Loving People Hate Themselves

People will try to push and push you to be what they want you to be because they lack the courage or confidence and self-acceptance to be who they want to be, often because they never made an attempt to know themselves.
They will criticize you, judge you, sometimes passively or jokingly. They may consider you a friend or good partner but the more they learn about you, and the more they feel comfortable around you and earn your trust, may start to express, either through actions or words, how they really feel about you.
It may seem like everyone has rejected you, even friends you’ve known and have dedicated yourselves to, may turn on you during your lowest moment. It will seem like no one, especially those you most expect to, don’t care about or except you. That’s why it is important to associate and be around those who do accept and love you, even if it is just yourself.
You may have dedicated so much of your life to helping and living for others, trying to meet the expectations of others, trying to please them, many of them not returning the favor when you need it most. This may unveil a well of resentment and hatred, and that is OK. You may be oriented to be ashamed of that and turn that hatred on yourself, and that is OK. It is OK because it is part of being human and being a caring, giving person with a sense of remorse. You may, for years, feel shame over words, actions or just thoughts you perceive as wholly negative and unforgiveable, even though they are often misperceptions or minor mistakes you can correct and learn from.

There are of course consequences to continuing to absorb yourself in self-hatred. I have lived through many of those consequences, including drug and alcohol addiction, self-injury and suicide attempts, as well as settling for jobs and a lifestyle that further darkened my spirit and hindered me from pursuing my true dreams and purpose.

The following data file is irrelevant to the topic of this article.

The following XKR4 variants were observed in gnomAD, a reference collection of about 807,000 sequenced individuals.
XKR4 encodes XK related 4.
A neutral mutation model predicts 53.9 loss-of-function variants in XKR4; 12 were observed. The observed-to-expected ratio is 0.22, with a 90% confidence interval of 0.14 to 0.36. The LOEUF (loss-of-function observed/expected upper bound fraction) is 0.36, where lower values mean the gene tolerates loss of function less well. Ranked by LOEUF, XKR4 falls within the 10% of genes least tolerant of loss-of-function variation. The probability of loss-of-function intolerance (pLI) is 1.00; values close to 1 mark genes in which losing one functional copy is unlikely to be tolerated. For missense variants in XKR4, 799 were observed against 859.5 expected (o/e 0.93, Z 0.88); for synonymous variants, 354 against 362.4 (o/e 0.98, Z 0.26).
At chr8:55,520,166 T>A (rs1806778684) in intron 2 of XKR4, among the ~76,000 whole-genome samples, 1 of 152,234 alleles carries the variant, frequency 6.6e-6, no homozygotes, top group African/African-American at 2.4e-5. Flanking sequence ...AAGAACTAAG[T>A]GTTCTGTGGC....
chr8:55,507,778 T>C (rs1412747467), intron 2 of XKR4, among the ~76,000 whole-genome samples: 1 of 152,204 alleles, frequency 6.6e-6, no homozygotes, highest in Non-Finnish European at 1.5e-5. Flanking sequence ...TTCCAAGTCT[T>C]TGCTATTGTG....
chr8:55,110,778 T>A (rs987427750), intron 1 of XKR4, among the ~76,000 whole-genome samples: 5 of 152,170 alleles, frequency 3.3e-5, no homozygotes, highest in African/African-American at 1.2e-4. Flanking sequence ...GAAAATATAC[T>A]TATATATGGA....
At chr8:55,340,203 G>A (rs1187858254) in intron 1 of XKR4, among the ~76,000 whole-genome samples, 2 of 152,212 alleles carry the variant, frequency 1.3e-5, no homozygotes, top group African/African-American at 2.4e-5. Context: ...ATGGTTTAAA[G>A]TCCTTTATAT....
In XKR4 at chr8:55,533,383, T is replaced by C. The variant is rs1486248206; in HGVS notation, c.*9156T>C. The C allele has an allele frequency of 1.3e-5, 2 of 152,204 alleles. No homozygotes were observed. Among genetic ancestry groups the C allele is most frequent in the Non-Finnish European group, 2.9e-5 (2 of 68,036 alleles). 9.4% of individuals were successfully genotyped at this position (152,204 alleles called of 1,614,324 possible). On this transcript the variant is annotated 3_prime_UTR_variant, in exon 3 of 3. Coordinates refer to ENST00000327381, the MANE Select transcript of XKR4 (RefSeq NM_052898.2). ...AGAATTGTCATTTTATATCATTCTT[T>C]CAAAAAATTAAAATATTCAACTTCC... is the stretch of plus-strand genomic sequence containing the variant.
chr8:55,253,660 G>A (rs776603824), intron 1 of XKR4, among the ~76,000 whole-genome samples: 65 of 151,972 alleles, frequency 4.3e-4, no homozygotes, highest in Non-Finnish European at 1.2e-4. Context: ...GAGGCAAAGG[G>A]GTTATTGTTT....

Building up self-esteem and self-love is difficult for me still, and I know it will take time. I am often resistant to it because it is unknown and therefore scary, scary in part because of fear of what I will lose or how I will change, and that’s OK.
But increasingly seeing my biggest flaw has been giving too much of myself to people who don’t appreciate me, or giving when I have not even taken care of my basic needs, I see my greatest strength, of being a person who gives a shit about others in a world run by predators who only care about themselves.

And over this last year of losing everything I have, going homeless, almost dying in the cold, facing medical crisises,  having my life threatened, feeling abandoned by certain friends and family members, realizing the long-term impact of abuse and bullying by family and attempting suicide multiple times, I have become more intimate with who I am to my inner core. Now, whenever I tell myself things like “I’m not a good person” or “I’m not a strong person” or “I don’t deserve happiness,” it hurts more and reverberates like an illogical joke inside of me because I realize more and more, and without external validation, that those beliefs about myself are false, and are only going to slow down my inevitable ascent to pursue what I have always wanted to do and have not been able to trying to live for others.

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